More Evidence That HPV Vaccine Shields Against Cervical
WEDNESDAY, Nov. 9 (HealthDay News) -- A new study suggests that
the Cervarix cervical cancer vaccine may provide "excellent"
protection against a precancerous lesion that is often a forerunner
to invasive cervical cancer.
Cervarix, made by GlaxoSmithKline, protects against human
papillomavirus (HPV) types 16 and 18, which cause 70 percent of
cervical cancers. The vaccine is particularly effective when given
to adolescent girls before they become sexually active.
Cervarix is one of two HPV vaccines approved by the U.S. Food
and Drug Administration, the other being Merck's Gardasil.
The four-year study included nearly 20,000 women aged 15 to 25
in 14 countries in North America, Latin America, the Asia-Pacific
region and Europe. The vaccine was found to be more than 93 percent
effective against the CIN3 lesion, a precancerous anomaly that
often appears before invasive cancer.
The vaccine was 100 percent effective against cancer in young
women who were not infected with HPV before they were immunized,
the study found, and it was 46 percent effective against CIN3 and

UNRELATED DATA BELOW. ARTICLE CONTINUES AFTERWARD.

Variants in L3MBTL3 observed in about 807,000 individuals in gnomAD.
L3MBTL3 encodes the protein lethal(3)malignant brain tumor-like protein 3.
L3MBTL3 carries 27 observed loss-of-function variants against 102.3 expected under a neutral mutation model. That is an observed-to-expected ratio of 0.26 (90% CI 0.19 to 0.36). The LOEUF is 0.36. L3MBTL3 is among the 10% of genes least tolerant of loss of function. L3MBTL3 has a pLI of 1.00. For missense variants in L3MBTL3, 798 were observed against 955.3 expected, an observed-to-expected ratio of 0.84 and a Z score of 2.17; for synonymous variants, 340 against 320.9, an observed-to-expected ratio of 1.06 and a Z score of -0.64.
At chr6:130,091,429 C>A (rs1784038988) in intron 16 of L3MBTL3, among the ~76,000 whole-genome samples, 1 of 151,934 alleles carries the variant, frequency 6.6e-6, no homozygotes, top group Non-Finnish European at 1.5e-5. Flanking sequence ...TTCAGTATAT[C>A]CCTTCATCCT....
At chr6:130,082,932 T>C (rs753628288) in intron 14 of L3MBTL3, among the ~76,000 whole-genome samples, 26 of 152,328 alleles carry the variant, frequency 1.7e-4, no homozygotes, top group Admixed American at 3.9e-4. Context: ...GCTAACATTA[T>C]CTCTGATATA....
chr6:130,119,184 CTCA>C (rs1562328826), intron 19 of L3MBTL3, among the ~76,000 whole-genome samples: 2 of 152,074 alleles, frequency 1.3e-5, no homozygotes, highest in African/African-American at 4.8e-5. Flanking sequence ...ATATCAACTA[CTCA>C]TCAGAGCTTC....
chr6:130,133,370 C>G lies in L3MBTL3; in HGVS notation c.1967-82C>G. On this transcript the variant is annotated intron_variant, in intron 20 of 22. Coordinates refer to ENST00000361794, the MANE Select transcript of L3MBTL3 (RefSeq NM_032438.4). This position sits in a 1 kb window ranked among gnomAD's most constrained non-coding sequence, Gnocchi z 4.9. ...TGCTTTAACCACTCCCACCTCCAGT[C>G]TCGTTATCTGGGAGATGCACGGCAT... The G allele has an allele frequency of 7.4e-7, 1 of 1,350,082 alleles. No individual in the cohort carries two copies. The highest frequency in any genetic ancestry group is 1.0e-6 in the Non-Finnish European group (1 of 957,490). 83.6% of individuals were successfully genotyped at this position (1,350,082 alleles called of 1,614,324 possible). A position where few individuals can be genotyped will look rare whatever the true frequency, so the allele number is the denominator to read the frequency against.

77 percent effective against cancer in the general population of
women (who may or may not have been previously exposed to HPV).
Cervarix was 100 percent effective against CIN3 lesions
specifically linked to the HPV 16 and HPV 18 strains in previously
unexposed women, and it was nearly 46 percent effective in the
The study appears online Nov. 8 in
The Lancet Oncology.
One expert said the new findings "are further evidence of the
benefits of HPV vaccine."
Dr. Stephanie V. Blank, an assistant professor in clinical
gynecologic oncology at NYU School of Medicine, said, "Although not
perfect, this study is the largest trial of HPV 16/18 vaccine to
date. It is significant because with longer time of follow-up, we
are better able to show the true effect of the vaccine."
Blank added that the study "shows that the HPV vaccine will be
most protective among adolescent girls but that it is also
effective among HPV-exposed women."
Along with specifically targeting HPV 16 and 18, Cervarix also
partially protects against four other types of HPV (31, 33, 45 and
51) that account for 15 percent of cervical cancers, according to
another study in the same issue of the journal.
Increasing vaccination rates, particularly among young females
who aren't sexually active, should be a focus of HPV vaccination
efforts, Dr. Mark Schiffman and Sholom Wacholder of the U.S.
National Cancer Institute stressed in an accompanying
Blank agreed with that assessment. "There are several take-home
messages here: Vaccinate early; catch-up programs are also worth
it; the positive impact of the HPV vaccine may be even more than we
had expected; and the vaccine has an effect even if a woman is
already exposed to HPV," she said.
The U.S. National Cancer Institute has more about
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